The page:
Tag Archives: Fairy Tales

Princess and the Goblin

The Princess and the Goblin The Princess and the Goblin by George MacDonald
My rating: 5 of 5 stars

I truly adored MacDonald’s first of the two Princess books. It was engaging, magical, adventurous and contained only minimal direct didactism (as compared to other books of this era. Princess Irene has agency, and the contrast with the goblins makes for great discourse.

Princess Irene discovers that her Great-Great-Great-Grandmother lives in a tower in her house and this grandmother appears both young and vibrant, as well as old. She provides Irene with agency to save her friend Curdie from the goblins and consequently the whole kingdom.

This fairy tale is delightful.

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Waterbabies, A Fairy Tale for a Land Baby by Charles Kingsley

WaterbabiesWaterbabies by Charles Kingsley
My rating: 4 of 5 stars

A delightful Victorian fairy tale about de-evolution and learning strength, morality and character. Sometimes the narrator is a bit heavy-handed, but overall, it is an enjoyable romp through the waters with Tom as he learns the right way to play, treat others, and the consequences of being bad.

Rather fun, and filled with tons of Victorian pop culture and budding ideologies.

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The Grimm Legacy by Polly Shulman

Shulman, Polly (2010). The Grimm Legacy. New York: G.P. Putnam’s Sons. 336 pages.

Have you ever wondered what became of Cinderella’s slippers or Sleeping Beauty’s spinning wheel? What about the Mirror on the Wall?  No? I suppose most of people don’t spend their free time contemplating the locations of magical fairy items. Elizabeth has not considered these mysterious objects either; she is much too concerned with her new school, making new friends and dealing with her step-family. Yet when she writes a history paper about the Brothers Grimm, Elizabeth’s social studies teacher not only gives her an “A” but recommends her for a position at the New York Circulating Material Repository. Part library, part museum, part secret society, the Repository is nine floors of antiques, textiles, tools…and the magical objects of the Grimm Collection. Just as Elizabeth is becoming more comfortable with the strangeness of her new job—the Repository is in possession of Marie Antoinette’s wigs, Shakespearean doublets, and ancient Egyptian papyrus shoes—stories of missing items and a previous library page reach the curious ears of our narrator.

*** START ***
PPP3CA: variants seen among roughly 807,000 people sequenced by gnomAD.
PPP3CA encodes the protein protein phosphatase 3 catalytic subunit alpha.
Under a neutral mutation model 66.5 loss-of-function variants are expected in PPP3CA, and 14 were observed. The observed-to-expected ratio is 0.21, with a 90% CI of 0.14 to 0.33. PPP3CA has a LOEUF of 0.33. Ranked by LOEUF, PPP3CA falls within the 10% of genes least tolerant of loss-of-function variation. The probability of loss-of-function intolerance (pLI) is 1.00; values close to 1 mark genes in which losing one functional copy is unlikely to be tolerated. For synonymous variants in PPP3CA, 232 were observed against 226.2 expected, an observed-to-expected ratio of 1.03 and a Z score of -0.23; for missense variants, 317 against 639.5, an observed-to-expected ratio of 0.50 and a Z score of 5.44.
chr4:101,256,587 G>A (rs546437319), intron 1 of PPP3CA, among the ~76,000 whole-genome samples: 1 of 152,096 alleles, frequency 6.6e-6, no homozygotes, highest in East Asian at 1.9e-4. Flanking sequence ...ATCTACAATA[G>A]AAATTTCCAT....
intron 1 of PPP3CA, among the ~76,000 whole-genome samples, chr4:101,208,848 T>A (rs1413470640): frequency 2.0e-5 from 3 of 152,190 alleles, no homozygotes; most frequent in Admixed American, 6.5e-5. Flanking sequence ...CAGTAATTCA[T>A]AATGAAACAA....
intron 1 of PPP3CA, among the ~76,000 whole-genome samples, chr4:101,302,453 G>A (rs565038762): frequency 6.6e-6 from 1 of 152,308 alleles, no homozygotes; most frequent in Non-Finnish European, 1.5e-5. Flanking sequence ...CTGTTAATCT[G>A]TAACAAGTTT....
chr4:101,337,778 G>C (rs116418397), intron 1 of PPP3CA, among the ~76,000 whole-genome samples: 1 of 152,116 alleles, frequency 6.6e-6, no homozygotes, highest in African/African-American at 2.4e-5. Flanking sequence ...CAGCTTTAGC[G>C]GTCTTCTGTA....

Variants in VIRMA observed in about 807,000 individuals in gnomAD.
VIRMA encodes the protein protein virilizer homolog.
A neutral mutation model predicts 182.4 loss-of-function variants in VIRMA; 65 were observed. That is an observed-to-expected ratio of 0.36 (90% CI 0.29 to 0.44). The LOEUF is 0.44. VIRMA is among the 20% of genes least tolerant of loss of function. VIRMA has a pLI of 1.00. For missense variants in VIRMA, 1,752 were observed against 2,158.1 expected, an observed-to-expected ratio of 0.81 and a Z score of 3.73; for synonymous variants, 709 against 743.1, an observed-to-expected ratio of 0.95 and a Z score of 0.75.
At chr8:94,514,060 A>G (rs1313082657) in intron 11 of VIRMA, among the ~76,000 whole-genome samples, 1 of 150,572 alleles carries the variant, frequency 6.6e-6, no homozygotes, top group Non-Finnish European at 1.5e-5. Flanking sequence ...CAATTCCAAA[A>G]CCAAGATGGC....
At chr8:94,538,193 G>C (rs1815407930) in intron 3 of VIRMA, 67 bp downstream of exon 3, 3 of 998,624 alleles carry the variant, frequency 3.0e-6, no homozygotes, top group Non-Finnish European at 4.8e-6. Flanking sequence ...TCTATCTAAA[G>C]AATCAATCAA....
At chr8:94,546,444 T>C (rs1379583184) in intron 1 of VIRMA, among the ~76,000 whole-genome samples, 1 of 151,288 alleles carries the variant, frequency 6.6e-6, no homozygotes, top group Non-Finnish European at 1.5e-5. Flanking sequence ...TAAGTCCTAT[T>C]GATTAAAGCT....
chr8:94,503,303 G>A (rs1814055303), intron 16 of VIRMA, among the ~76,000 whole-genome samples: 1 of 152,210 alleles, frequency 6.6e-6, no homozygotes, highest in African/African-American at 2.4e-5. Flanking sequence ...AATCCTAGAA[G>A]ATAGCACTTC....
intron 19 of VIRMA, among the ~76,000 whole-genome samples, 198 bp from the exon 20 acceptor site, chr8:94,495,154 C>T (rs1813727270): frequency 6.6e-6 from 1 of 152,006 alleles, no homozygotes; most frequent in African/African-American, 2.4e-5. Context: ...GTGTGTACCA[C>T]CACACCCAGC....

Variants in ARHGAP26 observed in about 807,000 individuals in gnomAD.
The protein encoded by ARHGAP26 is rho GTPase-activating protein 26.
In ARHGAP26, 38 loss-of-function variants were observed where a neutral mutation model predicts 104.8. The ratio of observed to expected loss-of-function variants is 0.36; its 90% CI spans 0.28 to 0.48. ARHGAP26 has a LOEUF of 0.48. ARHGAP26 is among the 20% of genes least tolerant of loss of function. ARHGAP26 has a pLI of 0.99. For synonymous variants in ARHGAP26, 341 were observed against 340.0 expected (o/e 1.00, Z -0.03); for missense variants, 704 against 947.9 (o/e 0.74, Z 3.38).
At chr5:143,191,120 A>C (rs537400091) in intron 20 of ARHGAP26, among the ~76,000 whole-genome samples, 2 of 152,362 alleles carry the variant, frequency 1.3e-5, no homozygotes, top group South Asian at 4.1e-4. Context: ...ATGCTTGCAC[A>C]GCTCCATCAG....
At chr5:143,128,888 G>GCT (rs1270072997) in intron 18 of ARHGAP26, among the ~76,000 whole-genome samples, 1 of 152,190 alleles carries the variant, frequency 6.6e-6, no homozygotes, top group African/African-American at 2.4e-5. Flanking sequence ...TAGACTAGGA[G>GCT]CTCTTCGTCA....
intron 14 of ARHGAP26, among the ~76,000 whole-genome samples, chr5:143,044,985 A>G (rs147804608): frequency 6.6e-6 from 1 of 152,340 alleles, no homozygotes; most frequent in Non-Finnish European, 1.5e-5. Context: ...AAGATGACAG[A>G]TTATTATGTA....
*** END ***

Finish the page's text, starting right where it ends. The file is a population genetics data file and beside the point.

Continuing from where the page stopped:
The description of the Grimm Collection, the library and the libraries history are original and fun. From the absurdities of the materials in the Repository to the  inclusion of call numbers for Cauldrons (I*GC 133.44 HC, I*GC 133.44 M33, and I*GC 133. 44 T47) the detail of this world touches upon the detailed world building in J.K. Rowling’s Harry Potter series.

So charming—in many ways—I have little criticism for such an engaging story. The main weakness of the book centers around the discovery of the villain responsible for the thefts and kidnappings who does not have enough face time to really impact his discovery and downfall. The story’s centerpieces are the Repository and the character relationships; the plot is not secondary, but the villain’s actions, motivations and clues leading up to his demise could be expanded for further depth. However with a climax that involves a large porcelain doll collection, a huge bird, a griffin, unlikely love, a villain and a homeless woman, the ending of this young novel does not disappoint (and you should be wondering about that doll collection). Sarah Beth Durst’s “Into the Wild”, Michael Buckley’s “The Sisters Grimm” and “Beauty” by Robin McKinley are other fairy tale adaptations that may intrigue you after you finish reading this enchanting novel.

In order to entice prospective readers, I would make a copy of the Curator’s Test for Elizabeth’s employment and present it to young readers. An example would be:

“A carpenter has three sons. The eldest builds a palace from alabaster and porphyry. The second builds a courthouse from granite and sandstone. The youngest builds a cottage from walnut shell and a corn husk. How man nails do the three sons use?
A. ∏
B. Infinity minus one
C. One too many
D. One too few” (pgs. 93-4)

Then I would ask young readers if they think they would be eligible to work in the Repository. Should be fun.

 

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